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Details of Grant 

EPSRC Reference: EP/I031758/1
Title: Insect-inspired visually guided autonomous route navigation through natural environments
Principal Investigator: Philippides, Professor A
Other Investigators:
Researcher Co-Investigators:
Project Partners:
Department: Sch of Engineering and Informatics
Organisation: University of Sussex
Scheme: First Grant - Revised 2009
Starts: 01 May 2011 Ends: 30 April 2013 Value (£): 102,329
EPSRC Research Topic Classifications:
Control Engineering Robotics & Autonomy
EPSRC Industrial Sector Classifications:
No relevance to Underpinning Sectors
Related Grants:
Panel History:
Panel DatePanel NameOutcome
16 Feb 2011 Materials, Mechanical and Medical Engineering Announced
Summary on Grant Application Form
Our overall objective is to develop algorithms for long distance route-based visual navigation through complex natural environments. Despite recent advances in autonomous navigation, especially in map-based simultaneous localisation and mapping (SLAM), the problem of guiding a return to a goal location through unstructured, natural terrain is an open issue and active area of research. Despite their small brains and noisy low resolution sensors, insects navigate through such environments with a level of performance that outstrips state-of-the-art robot algorithms. It is therefore natural to take inspiration from insects. There has been a history of bio-inspired navigation models in robotics but there are known components of insect behaviour yet to be incorporated into engineering solutions. In contrast with most modern robotic methods, to navigate between two locations, insects, use procedural route knowledge and not mental maps. An important feature of route navigation is that the agent does not need to know where it is at every point (in the sense of localizing itself within a cognitive map), but rather what it should do. Insects provide further inspiration for navigation algorithms through their innate behavioural adaptations which simplify navigation through unstructured, cluttered environments.One objective is to develop navigation algorithms which capture the elegance and desirable properties of insect homing strategies - robustness (in the face of natural environmental variation), parsimony (of mechanism and visual encoding), speed of learning (insects must learn from their first excursion) and efficacy (the simple scale over which insects forage). Prior to this we will bring together current insights regarding insect behaviour with novel technologies which allow us to recreate visual input from the perspective of foraging insects. This will lead to new tools for biologists and increase our understanding of insect navigation. In order to achieve these goals our Work Packages will be:WP1 Development of tools for reconstructing large-scale natural environments. We will adapt an existing panoramic camera system to enable reconstruction of the visual input experienced by foraging bees. Similarly, we will adapt new computer vision methods to enable us to build world models of the cluttered habitats of antsWP2 Investigation of optimal visual encodings for navigation. Using the world model developed in WP1, we will investigate the stability and performance of different ways of encoding a visual sceneWP3 Autonomous route navigation algorithms. We will test a recently developed model of route navigation and augment it for robust performance in natural environmentsOur approach in this project is novel and timely. The panoramic camera system has just been developed at Sussex. The methods for building world models have only recently become practical and have not yet been applied in this context. The proposed route navigation methodology is newly developed at Sussex and is based on insights of insect behaviour only recently observed. Increased knowledge of route navigation will be of interest to engineers and biologists. Parsimonious route-following algorithms will be of use in situations where an agent must reliably navigate between two locations, such as a robotic courier or search-and-rescue robot. Our algorithms also have potential broader applications such as improving guidance aids for the visually-impaired. Biologists and the wider academic community will be able to use the tools developed to gain an understanding of the visual input during behavioural experiments leading to a deeper understanding of target systems. There is specific current interest from Rothamsted Agricultural Institute who are interested in how changes in flight patterns affect visual input and navigational efficacy of honeybee foragers from colonies affected by factors like pesticides or at risk of colony collapse disorder.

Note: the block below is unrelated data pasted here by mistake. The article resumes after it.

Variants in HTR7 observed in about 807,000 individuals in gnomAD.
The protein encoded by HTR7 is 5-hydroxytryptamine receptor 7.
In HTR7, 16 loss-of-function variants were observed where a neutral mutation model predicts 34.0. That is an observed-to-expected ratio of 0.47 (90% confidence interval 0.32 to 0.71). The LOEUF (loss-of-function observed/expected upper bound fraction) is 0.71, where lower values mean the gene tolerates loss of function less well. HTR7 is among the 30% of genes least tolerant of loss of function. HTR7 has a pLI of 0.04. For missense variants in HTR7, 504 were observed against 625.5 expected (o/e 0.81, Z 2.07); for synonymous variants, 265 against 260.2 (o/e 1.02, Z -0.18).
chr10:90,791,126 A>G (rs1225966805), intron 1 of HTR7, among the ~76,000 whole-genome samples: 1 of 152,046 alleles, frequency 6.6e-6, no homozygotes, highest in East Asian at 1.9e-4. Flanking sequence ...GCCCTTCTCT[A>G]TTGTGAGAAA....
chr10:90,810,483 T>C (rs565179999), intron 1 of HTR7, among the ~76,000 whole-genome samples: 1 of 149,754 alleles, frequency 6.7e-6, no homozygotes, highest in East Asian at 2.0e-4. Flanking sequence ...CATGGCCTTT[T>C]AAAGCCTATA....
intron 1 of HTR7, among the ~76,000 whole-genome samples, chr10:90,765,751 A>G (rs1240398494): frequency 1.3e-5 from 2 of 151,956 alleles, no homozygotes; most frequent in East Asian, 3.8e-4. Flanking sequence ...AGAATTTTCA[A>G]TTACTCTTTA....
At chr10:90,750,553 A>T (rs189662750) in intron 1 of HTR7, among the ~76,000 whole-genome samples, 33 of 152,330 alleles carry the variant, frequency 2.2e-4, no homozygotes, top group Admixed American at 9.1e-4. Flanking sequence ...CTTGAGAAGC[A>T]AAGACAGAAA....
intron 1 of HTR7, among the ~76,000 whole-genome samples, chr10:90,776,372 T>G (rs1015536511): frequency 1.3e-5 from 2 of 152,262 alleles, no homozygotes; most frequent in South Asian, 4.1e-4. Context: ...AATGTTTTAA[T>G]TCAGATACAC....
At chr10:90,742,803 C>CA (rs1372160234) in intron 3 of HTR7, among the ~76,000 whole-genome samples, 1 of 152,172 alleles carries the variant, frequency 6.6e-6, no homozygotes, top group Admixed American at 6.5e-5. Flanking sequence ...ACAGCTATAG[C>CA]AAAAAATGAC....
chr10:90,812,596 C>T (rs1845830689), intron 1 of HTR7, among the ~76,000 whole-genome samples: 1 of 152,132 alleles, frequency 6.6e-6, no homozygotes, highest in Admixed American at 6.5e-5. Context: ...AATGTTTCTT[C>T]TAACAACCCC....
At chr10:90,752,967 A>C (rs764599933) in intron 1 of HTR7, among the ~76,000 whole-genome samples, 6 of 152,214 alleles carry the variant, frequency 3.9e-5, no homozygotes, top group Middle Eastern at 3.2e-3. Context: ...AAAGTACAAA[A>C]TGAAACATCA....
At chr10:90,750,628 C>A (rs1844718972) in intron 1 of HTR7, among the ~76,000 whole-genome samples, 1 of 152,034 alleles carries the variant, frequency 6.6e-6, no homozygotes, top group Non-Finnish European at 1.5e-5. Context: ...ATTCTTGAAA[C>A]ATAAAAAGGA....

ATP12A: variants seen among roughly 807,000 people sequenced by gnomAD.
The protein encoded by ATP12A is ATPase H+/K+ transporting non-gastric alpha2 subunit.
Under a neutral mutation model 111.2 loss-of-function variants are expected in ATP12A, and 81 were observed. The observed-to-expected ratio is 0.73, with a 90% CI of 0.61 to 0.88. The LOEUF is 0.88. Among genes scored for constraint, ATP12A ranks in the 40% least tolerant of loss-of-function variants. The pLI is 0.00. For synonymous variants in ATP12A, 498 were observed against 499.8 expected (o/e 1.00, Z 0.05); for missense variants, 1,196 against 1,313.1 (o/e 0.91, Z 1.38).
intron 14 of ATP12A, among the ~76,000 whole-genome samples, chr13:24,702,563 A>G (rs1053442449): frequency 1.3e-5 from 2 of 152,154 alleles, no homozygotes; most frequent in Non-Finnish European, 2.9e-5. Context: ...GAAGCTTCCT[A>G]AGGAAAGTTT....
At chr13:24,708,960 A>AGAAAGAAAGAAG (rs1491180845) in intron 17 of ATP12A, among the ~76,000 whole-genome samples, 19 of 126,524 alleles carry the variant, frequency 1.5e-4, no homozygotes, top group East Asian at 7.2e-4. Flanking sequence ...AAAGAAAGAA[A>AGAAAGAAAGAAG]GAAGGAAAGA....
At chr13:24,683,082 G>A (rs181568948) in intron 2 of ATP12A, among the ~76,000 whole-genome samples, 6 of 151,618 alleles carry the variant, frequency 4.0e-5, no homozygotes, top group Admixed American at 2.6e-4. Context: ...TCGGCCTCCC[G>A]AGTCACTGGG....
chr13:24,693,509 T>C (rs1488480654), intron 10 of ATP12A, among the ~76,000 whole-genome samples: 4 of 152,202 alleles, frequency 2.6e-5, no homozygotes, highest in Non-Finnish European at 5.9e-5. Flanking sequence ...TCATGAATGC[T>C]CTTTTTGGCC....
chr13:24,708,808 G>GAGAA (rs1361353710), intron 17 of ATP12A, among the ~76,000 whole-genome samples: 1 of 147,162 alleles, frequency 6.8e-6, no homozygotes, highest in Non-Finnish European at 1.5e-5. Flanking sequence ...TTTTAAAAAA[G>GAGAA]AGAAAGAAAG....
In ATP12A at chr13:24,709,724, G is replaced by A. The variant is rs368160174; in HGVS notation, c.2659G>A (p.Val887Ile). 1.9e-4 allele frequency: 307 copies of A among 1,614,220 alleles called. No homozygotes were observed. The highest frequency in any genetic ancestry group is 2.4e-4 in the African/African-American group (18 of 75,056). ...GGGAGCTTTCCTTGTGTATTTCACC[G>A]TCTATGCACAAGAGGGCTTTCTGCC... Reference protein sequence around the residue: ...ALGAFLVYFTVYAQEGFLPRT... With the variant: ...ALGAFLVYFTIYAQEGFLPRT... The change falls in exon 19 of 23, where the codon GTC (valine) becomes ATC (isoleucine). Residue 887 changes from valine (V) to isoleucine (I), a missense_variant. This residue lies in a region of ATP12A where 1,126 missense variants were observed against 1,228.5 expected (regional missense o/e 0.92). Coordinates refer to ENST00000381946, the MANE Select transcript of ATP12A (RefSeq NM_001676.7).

Key Findings
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Potential use in non-academic contexts
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Date Materialised
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Project URL: http://www.sussex.ac.uk/lifesci/insectnavigation
Further Information:  
Organisation Website: http://www.sussex.ac.uk